Since people are leaving it’s also on them to tip the crew and the local guide. I heard one of the guys gave our local guide an old second-hand electric shaver as a tip. Jelol wasn’t very amused about it since he was fulfilling every special request of this guy during the last weeks, e.g. taking him on a private half-day tour etc. When discussing the topic of tipping in my blog entry on May 11, I received an email from Bob I travelled with in South America saying: “Tipping is a very cultural habit. People from US do it all the time, because the wages for the workers in certain jobs are very, very low, and tipping is expected. In Australia and many other countries the wage structure is quite different and all workers get a basic wage, and tipping is not done.” But this guy was from the US… I don’t understand the world anymore! Why are some people so mean? They spent more money on lunch than on the tip for a guide who has been with them for two weeks. I also heard Kurt, another traveler from the US, asked him why he didn’t give the guide a more appropriate tip. He responded he didn’t have change for a 100 USD note…
People don’t tip because they are selfish. They think that they deserve the money more than someone else. What they don’t realize is that most of the people they are tipping make virtually nothing- if you don’t tip them then they make almost no money. People use the excuse that it is culture – it is just that, an excuse. Tons of Americans don’t tip and tons of Australians do. People know when they sign up for these trips that tipping is expected, they just choose not to do it.
Think back to our Africa trip. Often you, me, and Chris would not use the guide and just walk around on our own. But we still tipped into the group pot. Of course, when I guide is bad, I don’t tip – as it encourages bad service. I find the best way to go about it is to group tips together. But, when it comes down to it, a lot of people will still not tip. Intrepid suggests $1-2 USD per guide per day. Therefore, everyone should be budgeting at LEAST $2 USD (tour leader and driver) and saying they cannot afford it or cannot break the change is ridiculous – you knew this was coming!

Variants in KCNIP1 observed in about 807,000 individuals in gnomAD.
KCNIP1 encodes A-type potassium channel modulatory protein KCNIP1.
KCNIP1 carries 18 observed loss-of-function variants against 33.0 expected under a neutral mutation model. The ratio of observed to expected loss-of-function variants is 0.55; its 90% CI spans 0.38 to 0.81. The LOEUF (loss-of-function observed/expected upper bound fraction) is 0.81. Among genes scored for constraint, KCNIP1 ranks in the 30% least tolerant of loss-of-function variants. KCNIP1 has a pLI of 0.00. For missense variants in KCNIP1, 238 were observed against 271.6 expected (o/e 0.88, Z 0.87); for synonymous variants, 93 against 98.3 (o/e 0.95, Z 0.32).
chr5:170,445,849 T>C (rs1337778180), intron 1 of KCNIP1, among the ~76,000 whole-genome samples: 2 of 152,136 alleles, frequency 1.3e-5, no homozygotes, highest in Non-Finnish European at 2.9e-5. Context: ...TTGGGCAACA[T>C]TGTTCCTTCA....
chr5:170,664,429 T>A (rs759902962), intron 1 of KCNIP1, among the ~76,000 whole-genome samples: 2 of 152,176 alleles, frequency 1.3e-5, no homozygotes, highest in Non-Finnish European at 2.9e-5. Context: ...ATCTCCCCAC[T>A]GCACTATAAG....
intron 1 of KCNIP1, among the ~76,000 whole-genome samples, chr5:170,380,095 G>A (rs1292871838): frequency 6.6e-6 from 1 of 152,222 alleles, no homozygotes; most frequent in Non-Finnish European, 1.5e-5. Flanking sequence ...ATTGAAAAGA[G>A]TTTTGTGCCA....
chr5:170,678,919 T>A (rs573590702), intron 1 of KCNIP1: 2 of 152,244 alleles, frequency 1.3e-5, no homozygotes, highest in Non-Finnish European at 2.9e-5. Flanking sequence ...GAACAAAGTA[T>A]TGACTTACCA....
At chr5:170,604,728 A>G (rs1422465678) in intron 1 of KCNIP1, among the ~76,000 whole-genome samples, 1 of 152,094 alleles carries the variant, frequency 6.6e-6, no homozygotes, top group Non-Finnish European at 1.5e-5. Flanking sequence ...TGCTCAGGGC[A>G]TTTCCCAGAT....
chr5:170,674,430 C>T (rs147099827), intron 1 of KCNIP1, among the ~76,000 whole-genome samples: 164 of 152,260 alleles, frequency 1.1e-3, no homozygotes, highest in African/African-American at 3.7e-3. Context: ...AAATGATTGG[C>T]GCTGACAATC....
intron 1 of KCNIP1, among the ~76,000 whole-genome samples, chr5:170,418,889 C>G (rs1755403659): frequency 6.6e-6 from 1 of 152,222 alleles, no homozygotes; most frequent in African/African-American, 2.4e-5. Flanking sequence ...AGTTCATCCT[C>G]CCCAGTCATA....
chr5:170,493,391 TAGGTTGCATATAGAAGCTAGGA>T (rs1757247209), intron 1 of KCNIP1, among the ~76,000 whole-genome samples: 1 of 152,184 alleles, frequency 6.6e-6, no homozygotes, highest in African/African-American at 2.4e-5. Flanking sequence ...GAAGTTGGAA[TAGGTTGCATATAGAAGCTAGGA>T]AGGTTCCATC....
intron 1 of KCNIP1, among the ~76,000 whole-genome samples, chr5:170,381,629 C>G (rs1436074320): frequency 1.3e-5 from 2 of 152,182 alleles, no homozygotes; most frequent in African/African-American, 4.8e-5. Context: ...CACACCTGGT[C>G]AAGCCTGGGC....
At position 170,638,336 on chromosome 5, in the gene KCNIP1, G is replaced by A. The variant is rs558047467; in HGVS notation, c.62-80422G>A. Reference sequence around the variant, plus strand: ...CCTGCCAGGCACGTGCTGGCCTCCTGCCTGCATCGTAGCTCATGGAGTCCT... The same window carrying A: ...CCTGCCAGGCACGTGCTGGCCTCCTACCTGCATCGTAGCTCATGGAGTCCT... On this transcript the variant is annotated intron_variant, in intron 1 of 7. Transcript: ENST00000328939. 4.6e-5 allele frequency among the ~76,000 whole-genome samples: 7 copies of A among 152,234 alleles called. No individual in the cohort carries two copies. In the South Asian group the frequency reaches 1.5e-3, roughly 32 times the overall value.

On my Croatia trip one woman never tipped. At every restaurant she would put in exact change. That left the rest of us putting in extra money so as not to be rude to the server. One time when we confronted her she said ‘well, they asked me if I wanted a dessert, so I spent the tip money there’. Are you kidding me??? She tried to pull the ‘I’m from a non tipping country’ line, but when we helped her to know how much was correct to tip she still didn’t do it.
I think I am going to write a whole blog entry about this.
P.S. My biggest traffic source for my blog is Germans! It seems you are not the only German who likes to see the things I find funny…
how many “Duke” tops did you actually take on your trip ;-) ?
We keep enjoying your blog!
Hey Bernhard & Julia,
I hope you’re enjoying the heat in the US :-) Regarding “Duke” shirts I have one with me and I like it because it’s grey. Therefore, you don’t see the dirt & dust on it as it is the case on white or black shirts. This is German pragmatism at its best…